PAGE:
SALT LAKE CITY — Republican gubernatorial candidate Jeff Burningham ended his signature gathering efforts to qualify for the primary election ballot to help stop the spread of coronavirus.
Burningham said it has been difficult for him to sleep the past few nights thinking about campaign volunteers and paid staff members knocking on some 1,500 doors a day, coming in contact with thousands of people.
“We don’t want to keep passing a pen or a packet or a clipboard from family to family, potentially spreading the coronavirus as we go,” he said Friday.
Candidates must obtain 28,000 voter signatures, which the Utah Lieutenant Governor’s Office must verify, to qualify for the June 30 primary election.
Burningham, a wealthy businessman, said he would now try to get on the primary ballot at the GOP state convention among a crowded field of Republican candidates. He said his campaign had gathered more than 20,000 signatures.
“I want to make abundantly clear, tomorrow is the first day of the rest of this campaign,” he said. “I am determined to get on the ballot at the convention.”
While Burningham called his decision difficult and a “choice of personal conscience,” he encouraged other candidates to consider suspending signature gathering.
Utah Republican Party Chairman Derek Brown said the party isn’t going to tell candidates what approach to take, but said they should be aware of the unique circumstances the state is in, referencing Gov. Gary Herbert’s recommendations for gatherings and other activities.
That said, Brown called Burningham’s decision “bold.”
“It’s one that, as he admitted, is perhaps one that is not the politically advantageous decision, but I think we are likely to see other candidates adjusting their campaigns in light of what we’re doing,” he said.
The Utah GOP is moving to a virtual format for its state convention next month as is the Utah Democratic Party.
One Republican, Thomas Wright, has qualified for the ballot through signature gathering. Former Utah Gov. Jon Huntsman Jr. and Lt. Gov. Spencer Cox, both Republicans, have turned in their signatures and the lieutenant governor’s office, which oversees state elections, is in the process of certifying them.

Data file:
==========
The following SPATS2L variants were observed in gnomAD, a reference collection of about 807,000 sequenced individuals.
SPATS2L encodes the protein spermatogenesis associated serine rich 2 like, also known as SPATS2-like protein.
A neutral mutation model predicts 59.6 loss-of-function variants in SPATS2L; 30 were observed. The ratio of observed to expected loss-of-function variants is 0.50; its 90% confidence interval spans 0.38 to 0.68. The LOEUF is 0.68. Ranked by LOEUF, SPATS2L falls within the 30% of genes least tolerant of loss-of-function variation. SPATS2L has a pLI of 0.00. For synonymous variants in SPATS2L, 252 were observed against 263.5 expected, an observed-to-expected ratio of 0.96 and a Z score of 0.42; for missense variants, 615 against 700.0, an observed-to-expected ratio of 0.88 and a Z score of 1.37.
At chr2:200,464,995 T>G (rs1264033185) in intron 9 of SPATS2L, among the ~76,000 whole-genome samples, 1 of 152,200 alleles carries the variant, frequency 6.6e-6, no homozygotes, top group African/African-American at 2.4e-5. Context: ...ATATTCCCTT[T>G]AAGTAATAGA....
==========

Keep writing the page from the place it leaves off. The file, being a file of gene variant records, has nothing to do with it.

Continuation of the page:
Former GOP Utah House Speaker Greg Hughes opted to take only the convention path in the state’s two-track nomination system. Salt Lake County Councilwoman Aimee Winder Newton, a Republican, stopped collecting signatures, citing the high cost of hiring a signature-gathering firm.
Huntsman and Cox are the clear leaders in the race to replace Herbert, who is not seeking reelection. Burningham and Hughes were tied for a distant third in the most recent Deseret News/Hinckley Institute of Politics poll.
Meantime, another GOP candidate, Jan Garbett, asked the lieutenant governor’s office to consider allowing candidates to collect signatures online. But Garbett said the office rebuffed the request.
“This is really frustrating,” she said. “I understand containing the spread of the coronavirus is the most important thing government officials are focusing on right now, but they are not willing to give this important issue a moment’s consideration.”
Garbett said people are refusing to open their doors to signature gatherers, making it difficult for candidates to make the April 13 deadline. She said her campaign has a good start, but had expected to still have several weeks to complete the process.
Justin Lee, the state elections director, said there is nothing in state law that allows for electronic signature gathering. Signatures, he said, must be in wet ink. Also, the lieutenant governor doesn’t have the power to waive the requirement under any circumstances, he said.
The state, however, made at least one election law adjustment because of the COVID-19 outbreak.
Herbert issued an executive order to allow individuals to file declarations of candidacy through a designated representative by suspending the enforcement of a law that requires potential candidates to file in person. The deadline to file for office is next Thursday.
“This morning, I recommended measures to introduce more social distancing in our communities, and we encourage all Utahns who are feeling sick to stay home until they feel well. This declaration simply creates a pathway for individuals to participate in the political process, even if they are experiencing symptoms and need to stay home,” he said.
State and local authorities recommend individuals experiencing symptoms of COVID-19 self-isolate until symptoms disappear.